Dear JB: My boss is young, successful and psychotic. His bosses are hard-eyed Yanks. And I'm the low-profile old pro brought in to keep the globo accounts happy. So far so good. I'm interested and amused. And clients and staff like what I do. Would I be right to assume that all this adds up to an imminent knife in the back from boss or Yanks or both?
Your concern is understandable but unfounded. Low-profile old pros enjoy astonishing levels of professional longevity.
Loved by clients and coalface workers alike, they remain imperturbably in place while wave after wave of psychotic high-fliers put on extravagant air-displays above them before burning out ingloriously on their 39th birthday.
Even hard-eyed Yanks appreciate the value of the low-profile pro. They will not tell you so, of course, and your salary will probably parallel your profile; but at least it will continue to be paid into your bank account. Your only risk is prominence.
So you must emulate Mr Cellophane from Chicago. Aim for absolute invisibility. Never, never imply that the retention of this mammoth global account is remotely dependent on your selfless skills: nothing arouses psychotic bosses and hard-eyed Yanks to vengefulness more instantly than inept attempts to leverage client relationships.
There is only one occasion on which you may safely seek a little corporate limelight and that is the occasion of your retirement party. Do not expect any senior member of your company to make the speech; they will only just have been installed and will be unsure of your name, let alone your contribution. Your own speech, however, should be a little masterpiece of indiscretion. Thirty-five years is a long time to hold your peace.
How do I stop our agency getting shirty when I reject one of their ideas, ask for refinement or suggest my own ideas? Although the account manager is, by and large, very charming I can almost hear him sigh whenever I suggest something. How can I get them to respect my point of view and be more enthusiastic without them behaving like some "master chef
whose recipes cannot be criticised or refined? We like their basic ideas, and we don't have the biggest budget, but the friction is getting intolerable. Should we just move on?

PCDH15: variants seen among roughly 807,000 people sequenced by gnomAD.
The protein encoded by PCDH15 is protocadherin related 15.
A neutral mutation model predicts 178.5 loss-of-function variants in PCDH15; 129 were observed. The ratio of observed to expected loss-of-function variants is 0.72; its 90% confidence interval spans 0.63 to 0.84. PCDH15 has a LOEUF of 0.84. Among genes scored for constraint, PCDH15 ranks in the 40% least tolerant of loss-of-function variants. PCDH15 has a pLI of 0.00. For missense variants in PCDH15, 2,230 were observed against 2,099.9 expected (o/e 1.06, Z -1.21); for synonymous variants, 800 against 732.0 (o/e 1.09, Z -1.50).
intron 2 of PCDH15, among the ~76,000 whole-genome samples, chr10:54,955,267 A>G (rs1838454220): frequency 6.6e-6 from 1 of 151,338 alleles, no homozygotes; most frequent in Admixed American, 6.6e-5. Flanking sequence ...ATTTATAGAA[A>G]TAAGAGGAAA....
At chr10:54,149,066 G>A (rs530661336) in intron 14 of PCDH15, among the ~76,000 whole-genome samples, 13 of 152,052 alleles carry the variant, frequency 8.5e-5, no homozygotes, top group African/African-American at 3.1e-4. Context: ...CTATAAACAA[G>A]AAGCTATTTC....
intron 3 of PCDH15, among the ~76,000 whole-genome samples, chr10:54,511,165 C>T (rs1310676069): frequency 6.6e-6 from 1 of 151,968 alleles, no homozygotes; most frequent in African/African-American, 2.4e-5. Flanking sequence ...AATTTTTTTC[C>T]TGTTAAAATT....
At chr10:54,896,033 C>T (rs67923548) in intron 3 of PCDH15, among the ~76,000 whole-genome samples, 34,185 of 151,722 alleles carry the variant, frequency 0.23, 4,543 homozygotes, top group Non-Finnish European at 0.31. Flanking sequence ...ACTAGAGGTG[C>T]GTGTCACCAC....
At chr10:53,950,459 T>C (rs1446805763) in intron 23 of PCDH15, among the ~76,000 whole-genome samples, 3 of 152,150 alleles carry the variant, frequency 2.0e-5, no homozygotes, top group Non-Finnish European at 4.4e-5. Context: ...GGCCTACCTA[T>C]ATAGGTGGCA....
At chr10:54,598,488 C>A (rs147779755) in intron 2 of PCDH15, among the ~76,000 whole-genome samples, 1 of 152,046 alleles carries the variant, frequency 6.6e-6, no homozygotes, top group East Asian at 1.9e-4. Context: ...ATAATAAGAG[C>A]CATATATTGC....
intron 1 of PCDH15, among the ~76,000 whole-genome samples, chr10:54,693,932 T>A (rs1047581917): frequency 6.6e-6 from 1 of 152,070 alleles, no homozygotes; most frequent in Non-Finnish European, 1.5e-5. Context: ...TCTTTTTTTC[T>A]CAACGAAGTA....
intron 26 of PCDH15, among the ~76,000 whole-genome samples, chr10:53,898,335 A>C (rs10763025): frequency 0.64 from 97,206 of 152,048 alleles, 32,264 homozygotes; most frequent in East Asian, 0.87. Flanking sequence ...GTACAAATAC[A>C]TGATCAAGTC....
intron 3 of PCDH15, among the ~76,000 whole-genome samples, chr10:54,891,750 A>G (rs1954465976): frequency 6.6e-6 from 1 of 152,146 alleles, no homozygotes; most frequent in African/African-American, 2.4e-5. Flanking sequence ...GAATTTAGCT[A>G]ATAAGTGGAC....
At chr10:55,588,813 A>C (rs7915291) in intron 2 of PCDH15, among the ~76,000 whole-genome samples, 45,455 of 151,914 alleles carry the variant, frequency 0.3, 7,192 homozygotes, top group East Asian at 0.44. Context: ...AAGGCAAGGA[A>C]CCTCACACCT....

Your master chef analogy is apt and accurate. I once had an extremely courteous conversation with Simon Hopkinson after he'd refused to serve me with well-done duck. My own diffident view was that, as the paying customer, I should be entitled and indeed encouraged to eat the food that pleased me most. Mr Hopkinson demurred. Duck should be pink. All sensitive people knew that duck should be pink. If I wanted brown duck, I was welcome to patronise one of the hundreds of restaurants prepared to compromise their principles for cash -but he, Hopkinson, wasn't going to be one of them.
As I bet you know, behind your charming account manager there lurks an executive creative director who, while sharing Simon Hopkinson's sublime sense of certainty, notably lacks his talent. It is he who gives your account manager a hard time if he accepts one of your suggestions - particularly if it's a patently good one.
The only time that client ideas are listened to intently and incorporated eagerly is when the client is not a client at all but a potential client.
Remember this when you decide to move on; be prepared for the flattering openness of your initial meetings to be rapidly replaced by familiar shirtiness as soon as you've been snared. There must surely be a few agencies out there intelligent and confident enough to entertain an idea from a client as open-mindedly as from the creative director; perhaps they should be categorised separately by the AAR.